We present a method called the G(A|B) method for estimating coalescence probabilities within population lineages from genome sequences when one individual is sampled from each population. Population divergence times can be estimated from these coalescence probabilities if additional assumptions about the history of population sizes are made. Our method is based on a method presented by Rasmussen et al. (2014) to test whether an archaic genome is from a population directly ancestral to a present-day population. The G(A|B) method does not require distinguishing ancestral from derived alleles or assumptions about demographic history before population divergence. We discuss the relationship of our method to two similar methods, one introduced by Green et al. (2010) and called the F(A|B) method and the other introduced by Schlebusch et al. (2017) and called the TT method. When our method is applied to individuals from three or more populations, it provides a test of whether the population history is treelike because coalescence probabilities are additive on a tree. We illustrate the use of our method by applying it to three high-coverage archaic genomes, two Neanderthals (Vindija and Altai) and a Denisovan.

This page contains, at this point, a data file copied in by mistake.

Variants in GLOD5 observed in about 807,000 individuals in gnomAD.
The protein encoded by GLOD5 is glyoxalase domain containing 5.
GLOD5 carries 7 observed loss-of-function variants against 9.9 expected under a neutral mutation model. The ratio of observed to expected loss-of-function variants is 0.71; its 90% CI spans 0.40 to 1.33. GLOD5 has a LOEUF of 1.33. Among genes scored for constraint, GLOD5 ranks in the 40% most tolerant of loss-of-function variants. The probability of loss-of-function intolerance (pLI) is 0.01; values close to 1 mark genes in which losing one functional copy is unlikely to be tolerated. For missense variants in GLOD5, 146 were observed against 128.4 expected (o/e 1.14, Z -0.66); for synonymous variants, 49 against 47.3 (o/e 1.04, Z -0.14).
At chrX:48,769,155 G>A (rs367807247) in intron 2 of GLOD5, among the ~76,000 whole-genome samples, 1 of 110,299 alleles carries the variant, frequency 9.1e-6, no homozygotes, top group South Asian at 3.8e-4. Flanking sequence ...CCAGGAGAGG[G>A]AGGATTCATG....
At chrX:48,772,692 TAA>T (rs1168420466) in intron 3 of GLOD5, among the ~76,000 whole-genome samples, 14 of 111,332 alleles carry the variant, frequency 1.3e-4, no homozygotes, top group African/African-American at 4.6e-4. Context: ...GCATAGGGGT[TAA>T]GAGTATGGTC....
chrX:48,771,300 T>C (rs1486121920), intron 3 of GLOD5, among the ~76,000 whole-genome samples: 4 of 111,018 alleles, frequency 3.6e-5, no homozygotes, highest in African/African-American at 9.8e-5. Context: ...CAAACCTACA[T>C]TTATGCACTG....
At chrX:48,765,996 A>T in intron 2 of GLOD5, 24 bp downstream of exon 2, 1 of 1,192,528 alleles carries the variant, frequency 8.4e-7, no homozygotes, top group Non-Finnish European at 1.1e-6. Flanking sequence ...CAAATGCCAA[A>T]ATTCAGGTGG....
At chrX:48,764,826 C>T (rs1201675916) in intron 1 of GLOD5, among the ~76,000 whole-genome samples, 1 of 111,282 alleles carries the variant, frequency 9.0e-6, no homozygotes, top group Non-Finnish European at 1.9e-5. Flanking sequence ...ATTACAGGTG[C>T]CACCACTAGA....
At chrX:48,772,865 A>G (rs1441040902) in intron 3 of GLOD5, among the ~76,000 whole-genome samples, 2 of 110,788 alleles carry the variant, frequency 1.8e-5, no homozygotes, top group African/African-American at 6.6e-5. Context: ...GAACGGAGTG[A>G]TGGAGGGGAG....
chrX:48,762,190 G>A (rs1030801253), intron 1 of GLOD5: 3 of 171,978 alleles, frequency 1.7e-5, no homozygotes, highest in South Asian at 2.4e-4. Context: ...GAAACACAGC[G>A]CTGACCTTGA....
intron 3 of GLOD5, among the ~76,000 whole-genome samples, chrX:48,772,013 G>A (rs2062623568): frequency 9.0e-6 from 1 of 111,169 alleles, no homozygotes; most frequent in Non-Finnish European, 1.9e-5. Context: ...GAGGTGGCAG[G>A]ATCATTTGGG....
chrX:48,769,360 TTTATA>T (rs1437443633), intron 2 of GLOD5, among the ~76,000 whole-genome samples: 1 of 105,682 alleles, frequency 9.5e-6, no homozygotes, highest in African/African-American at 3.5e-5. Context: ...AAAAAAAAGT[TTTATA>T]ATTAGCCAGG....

Don’t worry about the details of the three methods, because nobody can know whether they correspond with reality. They are playing games with data to try to make them “treelike” — i.e., to make them fit a Darwinian tree of evolution. Getting it to work requires weaseling with assumptions.

These authors feel their method is superior, but it fails the treelike test:

We have to conclude that our test of a treelike ancestry is not very powerful for detecting small amounts of admixture when only three populations are sampled. If our test does show deviations from a treelike history, however, the admixture levels required must be substantial or the wrong population tree is being assumed.